Born in Oxford, England, in May 1944, William was raised on the East Kent coast, mostly in Deal, the setting for his memoir The Boy with No Shoes. His parents were academics and it was an intellectually exciting, creative and liberal household. But as a home for a small boy it was difficult and abusive, as his memoir shows. But not quite a total disaster, fortunately.  Survival and then healing happens. Just.

At ten William was sent to school in Germany; at eleven he went to Grammar School; at fourteen, inspired by reading The Secret Garden by Frances Hodgson Burnett, he decided to become a writer and never wavered from that goal. At eighteen, after a nine-month tramp around the British Isles camping wild, he took up his place at Bristol University to read Geography & Economics.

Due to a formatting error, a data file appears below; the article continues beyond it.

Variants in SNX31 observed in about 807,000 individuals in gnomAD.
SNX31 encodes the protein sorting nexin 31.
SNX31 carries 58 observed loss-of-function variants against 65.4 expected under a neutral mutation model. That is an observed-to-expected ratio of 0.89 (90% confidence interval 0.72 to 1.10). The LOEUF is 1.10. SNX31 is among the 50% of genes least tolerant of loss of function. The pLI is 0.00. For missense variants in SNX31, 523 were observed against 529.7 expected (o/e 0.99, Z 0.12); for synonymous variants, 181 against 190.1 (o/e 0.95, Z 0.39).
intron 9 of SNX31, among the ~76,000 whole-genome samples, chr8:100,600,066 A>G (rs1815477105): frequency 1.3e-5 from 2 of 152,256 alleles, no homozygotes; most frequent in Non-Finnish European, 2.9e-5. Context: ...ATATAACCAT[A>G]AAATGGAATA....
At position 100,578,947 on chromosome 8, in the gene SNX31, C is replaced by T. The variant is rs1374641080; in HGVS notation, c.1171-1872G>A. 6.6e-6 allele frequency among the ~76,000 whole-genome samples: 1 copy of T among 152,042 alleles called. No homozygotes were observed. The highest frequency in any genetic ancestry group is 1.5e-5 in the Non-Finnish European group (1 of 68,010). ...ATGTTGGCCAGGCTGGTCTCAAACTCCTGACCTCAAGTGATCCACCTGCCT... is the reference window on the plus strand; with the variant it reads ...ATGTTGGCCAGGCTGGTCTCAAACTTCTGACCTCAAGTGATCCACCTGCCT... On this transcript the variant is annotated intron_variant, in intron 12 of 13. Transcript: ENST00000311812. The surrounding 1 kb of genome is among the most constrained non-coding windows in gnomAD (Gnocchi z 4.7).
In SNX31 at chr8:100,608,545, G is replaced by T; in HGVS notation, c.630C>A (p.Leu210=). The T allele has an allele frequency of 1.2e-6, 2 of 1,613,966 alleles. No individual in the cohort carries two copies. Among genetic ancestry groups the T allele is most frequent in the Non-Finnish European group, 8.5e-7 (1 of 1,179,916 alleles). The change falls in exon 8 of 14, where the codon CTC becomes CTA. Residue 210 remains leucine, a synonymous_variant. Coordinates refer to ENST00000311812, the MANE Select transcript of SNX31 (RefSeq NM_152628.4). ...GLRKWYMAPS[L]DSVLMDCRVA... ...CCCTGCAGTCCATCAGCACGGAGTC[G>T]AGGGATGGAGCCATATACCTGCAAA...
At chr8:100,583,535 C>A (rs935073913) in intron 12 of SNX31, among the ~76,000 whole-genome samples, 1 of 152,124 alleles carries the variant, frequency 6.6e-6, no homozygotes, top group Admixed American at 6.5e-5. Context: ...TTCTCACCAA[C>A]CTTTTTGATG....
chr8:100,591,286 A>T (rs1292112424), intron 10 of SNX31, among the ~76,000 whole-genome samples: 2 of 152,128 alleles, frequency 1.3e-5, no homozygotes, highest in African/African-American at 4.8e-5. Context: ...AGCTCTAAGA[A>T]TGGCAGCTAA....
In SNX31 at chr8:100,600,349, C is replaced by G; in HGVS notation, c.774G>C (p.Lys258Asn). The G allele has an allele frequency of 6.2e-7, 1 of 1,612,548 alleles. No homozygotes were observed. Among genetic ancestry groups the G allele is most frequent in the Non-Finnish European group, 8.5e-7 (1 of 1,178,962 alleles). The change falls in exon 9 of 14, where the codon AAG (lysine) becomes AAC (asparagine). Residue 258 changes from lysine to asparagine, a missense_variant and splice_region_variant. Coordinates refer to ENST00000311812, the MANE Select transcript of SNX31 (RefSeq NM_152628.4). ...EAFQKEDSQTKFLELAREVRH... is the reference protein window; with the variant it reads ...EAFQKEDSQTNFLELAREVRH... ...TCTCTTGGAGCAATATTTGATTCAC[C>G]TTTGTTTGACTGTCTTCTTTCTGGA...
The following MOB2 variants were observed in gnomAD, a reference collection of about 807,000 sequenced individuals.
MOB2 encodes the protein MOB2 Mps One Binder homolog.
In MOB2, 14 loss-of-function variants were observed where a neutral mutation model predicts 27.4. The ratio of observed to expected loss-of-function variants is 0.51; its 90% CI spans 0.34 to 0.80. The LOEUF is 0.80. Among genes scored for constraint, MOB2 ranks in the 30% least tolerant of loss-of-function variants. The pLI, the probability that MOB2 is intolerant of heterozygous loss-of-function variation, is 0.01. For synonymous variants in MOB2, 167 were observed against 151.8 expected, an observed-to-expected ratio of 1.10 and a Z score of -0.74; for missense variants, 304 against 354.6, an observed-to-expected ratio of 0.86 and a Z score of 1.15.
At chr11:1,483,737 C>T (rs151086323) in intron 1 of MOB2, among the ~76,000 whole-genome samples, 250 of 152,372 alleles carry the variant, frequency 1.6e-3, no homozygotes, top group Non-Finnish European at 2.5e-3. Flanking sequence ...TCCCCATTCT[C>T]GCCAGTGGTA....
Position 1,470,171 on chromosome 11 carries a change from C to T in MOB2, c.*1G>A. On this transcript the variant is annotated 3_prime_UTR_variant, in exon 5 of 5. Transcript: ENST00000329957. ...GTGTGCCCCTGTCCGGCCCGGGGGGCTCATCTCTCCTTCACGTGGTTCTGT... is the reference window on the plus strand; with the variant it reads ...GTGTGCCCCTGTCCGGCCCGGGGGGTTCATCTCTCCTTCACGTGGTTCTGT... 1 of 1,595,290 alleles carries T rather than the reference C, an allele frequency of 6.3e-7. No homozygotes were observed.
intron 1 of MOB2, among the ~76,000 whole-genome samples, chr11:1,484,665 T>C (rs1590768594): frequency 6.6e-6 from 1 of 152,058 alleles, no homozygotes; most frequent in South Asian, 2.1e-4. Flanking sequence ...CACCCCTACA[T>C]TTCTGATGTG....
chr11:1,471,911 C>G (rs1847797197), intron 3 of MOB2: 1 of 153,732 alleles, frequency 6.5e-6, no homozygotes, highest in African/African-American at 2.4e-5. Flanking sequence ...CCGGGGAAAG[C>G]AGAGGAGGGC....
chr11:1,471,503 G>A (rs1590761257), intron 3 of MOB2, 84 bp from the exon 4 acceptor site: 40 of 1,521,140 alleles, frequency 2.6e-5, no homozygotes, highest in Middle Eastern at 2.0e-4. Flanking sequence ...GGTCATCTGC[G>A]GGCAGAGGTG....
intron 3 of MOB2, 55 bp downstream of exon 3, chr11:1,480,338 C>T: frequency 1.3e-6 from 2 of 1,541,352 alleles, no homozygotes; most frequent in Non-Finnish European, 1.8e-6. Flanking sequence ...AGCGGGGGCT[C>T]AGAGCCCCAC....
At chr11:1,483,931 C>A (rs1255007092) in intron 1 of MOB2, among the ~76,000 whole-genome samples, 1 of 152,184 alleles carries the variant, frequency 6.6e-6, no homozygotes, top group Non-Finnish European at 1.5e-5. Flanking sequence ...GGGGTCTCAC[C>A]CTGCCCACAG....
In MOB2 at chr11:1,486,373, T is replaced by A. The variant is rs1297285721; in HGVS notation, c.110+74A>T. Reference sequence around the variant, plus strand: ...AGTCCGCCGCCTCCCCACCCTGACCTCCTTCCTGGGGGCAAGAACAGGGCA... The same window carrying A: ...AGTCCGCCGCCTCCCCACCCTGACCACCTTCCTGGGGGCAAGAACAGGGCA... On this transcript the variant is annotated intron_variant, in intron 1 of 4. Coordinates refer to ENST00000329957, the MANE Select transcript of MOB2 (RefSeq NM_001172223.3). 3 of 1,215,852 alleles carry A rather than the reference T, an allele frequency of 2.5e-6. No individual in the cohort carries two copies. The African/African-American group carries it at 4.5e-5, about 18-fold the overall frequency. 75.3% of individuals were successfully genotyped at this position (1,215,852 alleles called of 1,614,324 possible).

A lot of jobs followed: fund-raising for the student charity World University Service; teaching; selling recruitment advertising; writing for trade magazines and finally working for the London Daily Mail, as editor of Money Mail and then Femail. He resigned from the paper in 1978 aged 34 to write his first novel.

Duncton Wood, an anthropomorphic saga with moles as the protagonists, was an instant bestseller. More than twenty novels have followed including five Dunctons; four critically acclaimed sequels to The Wind in the Willows; the Hyddenworld Quartet; stories about eagles and wolves;  as well as Skallagrigg and his memoir. He is now finishing the first volume of a Covid-related trilogy, humans not fantasy.

William is a Council Member of the Society of Authors. Other than writing and spending time with his family, his passions are hill-walking, art history, and film.